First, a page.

Dogged champion of the powerless

Power and Protest
September 2, 2005

The 19th-century feminist and social reformer Frances Power Cobbe was well known in her time for her writings on the role of women, as well as her leadership of the antivivisection campaign. Yet most historians, as Lori Williamson points out, have focused on Cobbe's contribution to the women's movement. This biography, the first of this important Victorian figure, draws on an impressive range of sources to skilfully draw a broader, more comprehensive picture of Cobbe's extraordinary life.

Cobbe was born in Dublin in 1822 to a wealthy Anglo-Irish family, but did not fulfil her expected social destination in life, namely finding a husband. She grew up to be an intellectually able young woman who found men tedious. Throughout her adult life she would be attracted to women.

Her engagement with theological reading led to a questioning of the Bible and the belief in a just and rational God whose moral law was evident to everyone through his or her own intuition. In 1855, she published the first of many works championing her particular form of theism. Her father, furious about his daughter's "heresy", left her only a small sum of money when he died while the family home passed to his eldest son. Refusing to be dependent on her brother, Cobbe determined to forge an independent life.

In 1858, she moved to Bristol to live with and help Mary Carpenter in her reformatory work with street children. Cobbe did not enjoy the experience and soon left. She then tried her hand at workhouse reform before moving to London where she became drawn into the women's rights movement. She was a professional journalist earning £300 a year, and was published prolifically in a wide range of Victorian periodicals. In numerous articles she argued that women needed to be educated to lead useful lives, be it as single women or as wives and mothers. She bitterly criticised a social and legal system that reduced woman to the status of criminal, idiot or minor.

Marriage, she asserted, had destroyed women's individuality and reinforced the power of men. She also campaigned on the issue of wife abuse, making a contribution to a change in the law that allowed battered wives a separation from their husbands, who then had to provide maintenance. In 1867, Cobbe became chair of the London National Society for Women's Suffrage, but resigned her post when she feared it might adopt a radical tone. The now corpulent Cobbe, with her flowing drab dresses and rather mannish ways, cut an unorthodox figure, even in cosmopolitan London. She was living with the Welsh sculptor Mary Lloyd, in what may be termed a "marriage". Their relationship fluctuated "between the parental and the spousal", suggests Williamson, "and the intensity of their companionship was drawn from spiritual, if not overt sexual, affinity".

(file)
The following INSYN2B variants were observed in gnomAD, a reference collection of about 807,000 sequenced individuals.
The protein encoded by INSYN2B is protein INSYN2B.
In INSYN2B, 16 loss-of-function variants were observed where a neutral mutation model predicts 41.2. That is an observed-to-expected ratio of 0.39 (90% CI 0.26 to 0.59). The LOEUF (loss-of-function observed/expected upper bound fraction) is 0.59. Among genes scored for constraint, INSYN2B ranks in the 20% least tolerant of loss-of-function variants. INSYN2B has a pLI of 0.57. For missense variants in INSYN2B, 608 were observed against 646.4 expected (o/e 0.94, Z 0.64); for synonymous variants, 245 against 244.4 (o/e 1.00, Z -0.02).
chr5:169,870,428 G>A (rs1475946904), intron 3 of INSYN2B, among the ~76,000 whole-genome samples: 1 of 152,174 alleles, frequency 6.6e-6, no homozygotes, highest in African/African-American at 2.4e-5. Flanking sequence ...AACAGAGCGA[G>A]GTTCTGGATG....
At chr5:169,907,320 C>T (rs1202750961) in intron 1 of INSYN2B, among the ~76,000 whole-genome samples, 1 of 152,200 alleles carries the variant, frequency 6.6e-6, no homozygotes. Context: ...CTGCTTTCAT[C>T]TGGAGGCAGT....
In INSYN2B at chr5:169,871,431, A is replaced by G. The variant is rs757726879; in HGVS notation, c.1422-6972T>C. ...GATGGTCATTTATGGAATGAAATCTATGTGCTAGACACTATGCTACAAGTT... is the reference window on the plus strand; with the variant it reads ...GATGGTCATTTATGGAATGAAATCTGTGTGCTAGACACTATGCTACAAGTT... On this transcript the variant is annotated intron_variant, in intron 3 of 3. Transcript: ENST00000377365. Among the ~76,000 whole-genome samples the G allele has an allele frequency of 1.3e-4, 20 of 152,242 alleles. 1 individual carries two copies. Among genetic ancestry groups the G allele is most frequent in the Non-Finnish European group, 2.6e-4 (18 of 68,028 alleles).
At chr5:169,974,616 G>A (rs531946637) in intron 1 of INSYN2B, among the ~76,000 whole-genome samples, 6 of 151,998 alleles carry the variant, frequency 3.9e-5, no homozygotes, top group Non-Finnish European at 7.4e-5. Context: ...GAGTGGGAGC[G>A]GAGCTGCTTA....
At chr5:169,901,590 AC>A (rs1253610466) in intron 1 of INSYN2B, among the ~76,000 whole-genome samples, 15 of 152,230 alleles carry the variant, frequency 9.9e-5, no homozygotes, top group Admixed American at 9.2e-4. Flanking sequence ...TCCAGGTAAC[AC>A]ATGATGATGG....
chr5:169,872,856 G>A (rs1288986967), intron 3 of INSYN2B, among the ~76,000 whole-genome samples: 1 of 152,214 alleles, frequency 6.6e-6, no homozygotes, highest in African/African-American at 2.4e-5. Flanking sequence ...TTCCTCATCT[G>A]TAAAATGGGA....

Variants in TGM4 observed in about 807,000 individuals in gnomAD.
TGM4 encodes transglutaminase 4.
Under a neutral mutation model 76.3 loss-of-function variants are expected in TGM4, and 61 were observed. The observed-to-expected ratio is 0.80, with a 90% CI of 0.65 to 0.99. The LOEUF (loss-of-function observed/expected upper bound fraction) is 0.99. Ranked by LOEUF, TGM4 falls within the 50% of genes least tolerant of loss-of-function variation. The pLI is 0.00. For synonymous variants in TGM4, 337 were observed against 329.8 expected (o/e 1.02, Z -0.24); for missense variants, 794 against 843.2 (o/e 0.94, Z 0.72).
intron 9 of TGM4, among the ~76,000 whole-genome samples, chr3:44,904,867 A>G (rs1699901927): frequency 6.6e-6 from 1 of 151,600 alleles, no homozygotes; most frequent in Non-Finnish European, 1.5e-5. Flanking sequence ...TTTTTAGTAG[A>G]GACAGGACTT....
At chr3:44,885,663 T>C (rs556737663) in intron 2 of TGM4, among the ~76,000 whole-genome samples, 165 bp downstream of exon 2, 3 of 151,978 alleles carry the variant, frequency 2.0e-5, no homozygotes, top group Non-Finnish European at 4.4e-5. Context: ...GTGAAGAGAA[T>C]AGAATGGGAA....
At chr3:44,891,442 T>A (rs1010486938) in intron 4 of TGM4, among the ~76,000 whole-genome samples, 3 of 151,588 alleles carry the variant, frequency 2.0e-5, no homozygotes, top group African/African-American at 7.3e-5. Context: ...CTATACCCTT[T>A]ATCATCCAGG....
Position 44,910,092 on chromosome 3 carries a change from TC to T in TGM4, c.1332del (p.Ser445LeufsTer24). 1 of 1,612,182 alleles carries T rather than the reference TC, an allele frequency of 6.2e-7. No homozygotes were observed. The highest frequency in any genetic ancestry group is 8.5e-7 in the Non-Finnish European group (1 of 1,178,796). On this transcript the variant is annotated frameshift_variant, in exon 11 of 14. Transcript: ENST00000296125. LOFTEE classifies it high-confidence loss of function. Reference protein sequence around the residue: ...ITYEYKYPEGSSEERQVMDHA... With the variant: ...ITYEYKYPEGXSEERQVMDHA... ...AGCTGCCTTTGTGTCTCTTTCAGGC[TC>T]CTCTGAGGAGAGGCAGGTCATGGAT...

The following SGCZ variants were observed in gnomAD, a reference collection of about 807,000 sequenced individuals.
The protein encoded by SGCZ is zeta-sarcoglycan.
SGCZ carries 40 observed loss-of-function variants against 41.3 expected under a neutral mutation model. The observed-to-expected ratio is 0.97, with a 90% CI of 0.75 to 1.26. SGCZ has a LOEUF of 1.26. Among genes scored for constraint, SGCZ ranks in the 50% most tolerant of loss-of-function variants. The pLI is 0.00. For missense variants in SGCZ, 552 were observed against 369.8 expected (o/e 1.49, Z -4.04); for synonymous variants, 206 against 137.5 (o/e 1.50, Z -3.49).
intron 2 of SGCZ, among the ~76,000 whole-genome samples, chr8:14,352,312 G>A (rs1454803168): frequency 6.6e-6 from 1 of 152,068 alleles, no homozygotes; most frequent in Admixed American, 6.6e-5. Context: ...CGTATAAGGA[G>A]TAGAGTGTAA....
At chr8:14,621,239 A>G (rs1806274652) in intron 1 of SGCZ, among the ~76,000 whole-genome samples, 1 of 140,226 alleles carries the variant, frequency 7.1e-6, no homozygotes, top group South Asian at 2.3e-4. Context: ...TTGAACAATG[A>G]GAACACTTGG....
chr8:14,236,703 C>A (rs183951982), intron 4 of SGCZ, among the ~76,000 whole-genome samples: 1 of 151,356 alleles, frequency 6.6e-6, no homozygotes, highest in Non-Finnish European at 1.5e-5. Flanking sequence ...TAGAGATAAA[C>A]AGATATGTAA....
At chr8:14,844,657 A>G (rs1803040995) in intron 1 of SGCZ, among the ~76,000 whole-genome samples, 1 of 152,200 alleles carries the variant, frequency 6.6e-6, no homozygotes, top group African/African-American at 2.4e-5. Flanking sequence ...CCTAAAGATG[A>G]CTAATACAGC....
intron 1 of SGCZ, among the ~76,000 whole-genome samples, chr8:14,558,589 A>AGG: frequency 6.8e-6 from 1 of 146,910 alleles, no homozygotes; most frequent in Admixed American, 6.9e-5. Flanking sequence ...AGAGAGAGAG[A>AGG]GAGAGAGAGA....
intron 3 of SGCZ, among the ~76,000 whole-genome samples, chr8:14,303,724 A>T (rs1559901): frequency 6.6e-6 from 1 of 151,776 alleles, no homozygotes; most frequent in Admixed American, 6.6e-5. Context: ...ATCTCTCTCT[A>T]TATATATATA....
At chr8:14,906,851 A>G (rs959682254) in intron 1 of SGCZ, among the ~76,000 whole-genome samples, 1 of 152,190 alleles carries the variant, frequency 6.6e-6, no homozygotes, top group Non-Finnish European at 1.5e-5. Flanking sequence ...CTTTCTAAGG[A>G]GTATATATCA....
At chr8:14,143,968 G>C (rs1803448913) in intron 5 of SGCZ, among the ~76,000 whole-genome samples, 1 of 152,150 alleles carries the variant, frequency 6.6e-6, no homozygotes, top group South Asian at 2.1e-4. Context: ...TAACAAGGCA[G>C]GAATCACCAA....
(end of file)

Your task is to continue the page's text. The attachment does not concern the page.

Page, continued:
During the 1860s, the animal rights movement increasingly occupied Cobbe's time after she had read that a French veterinary school allowed its students to operate on aged unanaesthetised horses. In 1875 she helped found an organisation that sought to restrict animal experiments, the Society for the Protection of Animals Liable to Vivisection (SPALV), with herself as one of the joint honorary secretaries.

Over the coming years, internecine conflict developed within the growing antivivisection movement. The strong-minded, dogmatic Cobbe, who came to support abolition, contributed to the endless squabbling through what Williamson terms "a combination of stubbornness over policy, insensitivity to the feelings of others and insecurity about her position within the movement".

After she resigned her honorary secretary post in 1882, she retired to Lloyd's house in Wales but continued to write and speak not only on antivivisectionism but also on women's suffrage and religion. However, controversy continued to follow the often tactless campaigner, known for her sharp wit. The opposition Cobbe encountered, especially in the medical profession, was as much for her transgression of gender roles as for her confrontational style when challenging male power. In 1898, when "her" society voted to support the restriction of vivisection, she rallied her few remaining supporters and formed a rival organisation, the British Union for the Abolition of Vivisection.

Despite increasing ill health, she was still working when she died in 1904.

She was buried next to her beloved companion, Lloyd, who had predeceased her by eight years. Williamson's biography of Cobbe captures vividly the complexity of this controversial yet influential Victorian figure who questioned the conventions of her age, especially the power hierarchies that men held over women and the relationship of humans to animals.

June Purvis is professor of women's and gender history, Portsmouth University.

Power and Protest: Frances Power Cobbe and Victorian Society

Author - Lori Williamson
Publisher - Rivers Oram Press
Pages - 7
Price - £20.00
ISBN - 185489 100 6

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